She is MORE than Epilepsy

Not the sparkle in your eyes with drugs meant to sedate you and not the sparkle in your soul from a life thats harder than I ever imagined for you sweet girl.
Not the sparkle in your eyes with drugs meant to sedate you and not the sparkle in your soul from a life thats harder than I ever imagined for you sweet girl.

This week on the playground, as shouts of laughter rang out around her, my daughter was hurt. Not anything as fixable as a broken bone. But hurt in that invisible, unfixable way called feelings. Another child called her “Epilepsy”. It was the first time that word was used against her. I’ll never forget it and I don’t think she will either. It will live in my memory as the day someone tried to define her by her diagnosis, to hurt her with it, but my girl is a fighter. Epilepsy hurts her every day, more than that child hurling that word. What really defines her is the resilience, bravery and beautiful soul that has manifested from that diagnosis. The way that she has risen above it. The way that she is MORE than epilepsy. She is Haley.

Until her seizures began at age 2 Haley met all of her milestones and was a perfectly developing infant and toddler. When her seizures did begin they came fast and furious and we jumped nearly immediately to drugs known to cause cognitive impairment. For a few months though they were well controlled and I was hopeful and naive about the effects of the drugs. I was too busy being thankful for days without seizures and recovering from the shock of their entrance in our lives to ask the right questions. I just rode the current, trusting blindly that the physicians were doing the right thing for my daughter.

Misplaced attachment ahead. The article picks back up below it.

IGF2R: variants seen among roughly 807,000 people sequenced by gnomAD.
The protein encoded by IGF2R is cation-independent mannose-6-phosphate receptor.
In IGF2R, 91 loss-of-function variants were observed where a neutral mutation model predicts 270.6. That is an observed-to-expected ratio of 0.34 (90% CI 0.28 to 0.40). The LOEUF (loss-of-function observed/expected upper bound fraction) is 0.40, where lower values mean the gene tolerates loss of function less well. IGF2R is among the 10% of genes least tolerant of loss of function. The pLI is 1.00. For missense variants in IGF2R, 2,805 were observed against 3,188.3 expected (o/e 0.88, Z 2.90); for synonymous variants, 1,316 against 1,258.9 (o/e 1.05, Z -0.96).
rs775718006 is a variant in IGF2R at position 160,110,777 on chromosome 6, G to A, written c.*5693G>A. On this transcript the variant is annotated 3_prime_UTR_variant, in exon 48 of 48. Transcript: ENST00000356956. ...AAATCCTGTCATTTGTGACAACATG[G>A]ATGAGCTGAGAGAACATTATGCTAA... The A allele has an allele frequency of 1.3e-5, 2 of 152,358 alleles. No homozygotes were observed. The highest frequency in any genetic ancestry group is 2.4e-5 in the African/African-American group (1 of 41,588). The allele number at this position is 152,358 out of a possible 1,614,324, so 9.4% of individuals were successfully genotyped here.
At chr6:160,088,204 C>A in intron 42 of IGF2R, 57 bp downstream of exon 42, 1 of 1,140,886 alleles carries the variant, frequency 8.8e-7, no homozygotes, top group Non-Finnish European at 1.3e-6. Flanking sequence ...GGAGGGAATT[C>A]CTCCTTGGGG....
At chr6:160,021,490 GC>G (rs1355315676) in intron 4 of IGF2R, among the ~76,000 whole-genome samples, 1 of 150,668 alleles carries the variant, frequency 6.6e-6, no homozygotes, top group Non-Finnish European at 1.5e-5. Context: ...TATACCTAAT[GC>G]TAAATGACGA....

Within 6 months everything I thought was true was challenged. Haley began seizing more frequently, they added more drugs and more until I didn’t recognize the half lidded dopey girl who couldn’t stand without assistance. Haley had regressed in nearly every area. Her speech was slow and slurred, her movements were jerky and purposeless, her eyes never opened more than half mast and I walked around with my broken heart beating.

Those eyes. That heavy lidded gaze.
Those eyes. That heavy lidded gaze.

Then came the hospitalization that almost took her life, the coma that she never fully recovered from, and the realization that I couldn’t leave important decisions about my child’s care to people who didn’t know her even if they wore a white coat and had letters after their name.